Michael Streppa Praises New Software Solutions for Combating Mental Illness
New technology involving interaction with computer avatars may prove useful in the development of social phobia treatment in children. Expert psychologist, Michael Streppa, applauds these advancements and encourages further development.
New York, New York (I-Newswire) July 3, 2012 - Mental illnesses have a long history of treatment plans; some have proven helpful, while others destructive. What many medical professionals have learned is that associated disorders require more careful analysis of procedures and creative ways to treat illnesses. According to a recent article from Slate.com, one such creative treatment may allow many children to overcome a variety of social phobias. The treatment involves a series of interactions with computer-based avatars. In short, a child sits with a false persona and responds organically to several social situations. Psychologist, Michael Streppa, believes this approach may provide the necessary bridge to encourage younger patients to address their social phobias in face-to-face situations.
The program was developed through a collaborative project set forth by Atlanta-based company, Virtually Better and the University of Central Florida. While the treatment plan is relatively new, this summer will mark an in-depth study of how children with social phobias respond to avatar interaction. According to the article, clinicians will control scenarios presented through six different avatars that are designed to guide children through social situations that vary in difficulty. For example, a child may be asked to respond to a “popular girl” who wants to sit with him or her at lunch. Harder levels may involve the child having to stand-up to a bully or engage in conversation with an adult.
Slate.com addresses some concerns that the treatment may not even be necessary, and that it takes away from in-person therapies. However, Dr. Streppa notes that the new avatar system should not be discounted. He notes, “Use of these technologies holds great promise in helping socially-phobic children develop the skills and self-confidence they will need to master real world human interactions. By its' very nature, social phobia promulgates avoidance behaviors that in turn inadvertently strengthens the fear.”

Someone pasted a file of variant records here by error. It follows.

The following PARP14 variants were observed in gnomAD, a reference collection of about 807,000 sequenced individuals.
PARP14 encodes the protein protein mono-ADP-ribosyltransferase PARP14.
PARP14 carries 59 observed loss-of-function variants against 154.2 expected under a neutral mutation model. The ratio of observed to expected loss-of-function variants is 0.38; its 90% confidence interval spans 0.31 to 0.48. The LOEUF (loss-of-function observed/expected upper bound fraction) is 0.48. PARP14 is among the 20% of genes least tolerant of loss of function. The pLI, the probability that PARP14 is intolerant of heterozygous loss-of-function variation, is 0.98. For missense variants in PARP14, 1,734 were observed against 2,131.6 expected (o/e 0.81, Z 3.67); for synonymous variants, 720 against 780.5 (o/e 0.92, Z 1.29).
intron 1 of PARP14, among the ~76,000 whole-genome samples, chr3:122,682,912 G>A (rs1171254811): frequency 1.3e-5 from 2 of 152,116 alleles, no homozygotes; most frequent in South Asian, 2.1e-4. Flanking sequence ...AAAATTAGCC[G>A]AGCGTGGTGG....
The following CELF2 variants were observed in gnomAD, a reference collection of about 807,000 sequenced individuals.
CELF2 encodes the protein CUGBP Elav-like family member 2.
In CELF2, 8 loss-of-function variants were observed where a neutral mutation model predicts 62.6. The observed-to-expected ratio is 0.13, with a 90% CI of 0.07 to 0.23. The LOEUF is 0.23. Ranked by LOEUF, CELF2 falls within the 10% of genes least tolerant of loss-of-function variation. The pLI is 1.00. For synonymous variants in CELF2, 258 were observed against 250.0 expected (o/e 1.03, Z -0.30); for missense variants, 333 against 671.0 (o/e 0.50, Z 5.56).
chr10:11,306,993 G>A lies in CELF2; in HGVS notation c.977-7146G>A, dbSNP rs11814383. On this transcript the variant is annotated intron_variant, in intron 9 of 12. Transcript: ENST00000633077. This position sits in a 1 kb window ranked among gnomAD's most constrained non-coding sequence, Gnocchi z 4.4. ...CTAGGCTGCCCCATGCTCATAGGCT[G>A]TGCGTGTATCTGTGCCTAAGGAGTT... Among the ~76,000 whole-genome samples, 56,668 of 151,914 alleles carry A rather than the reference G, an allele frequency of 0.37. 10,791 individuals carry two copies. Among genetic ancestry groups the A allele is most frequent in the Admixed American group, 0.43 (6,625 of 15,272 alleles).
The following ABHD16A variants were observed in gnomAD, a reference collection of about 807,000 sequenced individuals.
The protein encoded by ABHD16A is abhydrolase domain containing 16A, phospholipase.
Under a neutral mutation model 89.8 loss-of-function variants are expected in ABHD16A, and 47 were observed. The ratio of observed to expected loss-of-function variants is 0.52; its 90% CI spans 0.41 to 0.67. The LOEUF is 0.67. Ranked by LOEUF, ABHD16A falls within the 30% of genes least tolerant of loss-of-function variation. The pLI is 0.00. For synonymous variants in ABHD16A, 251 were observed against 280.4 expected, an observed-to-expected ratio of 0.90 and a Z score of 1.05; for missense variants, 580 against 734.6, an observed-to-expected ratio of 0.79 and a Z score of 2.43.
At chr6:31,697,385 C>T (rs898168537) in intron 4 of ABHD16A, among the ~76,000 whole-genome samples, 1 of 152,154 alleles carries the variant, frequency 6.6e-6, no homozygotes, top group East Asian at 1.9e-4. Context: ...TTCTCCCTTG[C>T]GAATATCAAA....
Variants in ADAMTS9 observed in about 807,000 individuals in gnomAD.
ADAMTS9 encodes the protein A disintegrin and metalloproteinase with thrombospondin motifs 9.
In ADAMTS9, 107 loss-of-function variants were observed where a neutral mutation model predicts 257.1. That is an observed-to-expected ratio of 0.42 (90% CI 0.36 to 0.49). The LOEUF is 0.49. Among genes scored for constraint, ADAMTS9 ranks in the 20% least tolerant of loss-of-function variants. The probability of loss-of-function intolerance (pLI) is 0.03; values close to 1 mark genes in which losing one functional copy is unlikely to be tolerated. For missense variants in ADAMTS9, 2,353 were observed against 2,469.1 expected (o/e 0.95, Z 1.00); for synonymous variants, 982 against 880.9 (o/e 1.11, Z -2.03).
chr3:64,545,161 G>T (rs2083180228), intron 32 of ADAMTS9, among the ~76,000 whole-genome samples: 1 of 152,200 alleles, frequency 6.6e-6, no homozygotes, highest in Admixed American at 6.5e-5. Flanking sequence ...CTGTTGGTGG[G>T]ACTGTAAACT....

According to the article similar programs have already shown a high level of promise. For instance, “virtual strategies for tackling other anxiety disorders, such as PTSD, boast a promising record of success.” However, these programs are still in their infancy and may require wider implementation to make them more accessible to patients.
For Dr. Michael Streppa these programs will show their true worth in the long-term development of children. While other virtual therapies may address other disorders, the social phobia avatar program is particularly interesting because of its involvement with younger children. Streppa concludes by asserting, “Entering a child's world through use of familiar, friendly movie characters provides the very non-threatening environment they need to begin the process of overcoming their fears.”
Dr. Michael Streppa is a noted professional who has many active years within the psychology industry. He began his career in the medical field after earning his Bachelor of Arts, Master of Arts and eventually his Doctor of Psychology degree. During his later academic years, Streppa focused on psychology and more specifically, clinical psychology. In addition to working as an independent contractor and consultant, he has served titles that include Staff Psychologist, Mental Health Specialist, Chief Psychologist, as well as acting as the sole proprietor of his own private practice.
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Published On:July 3, 2012
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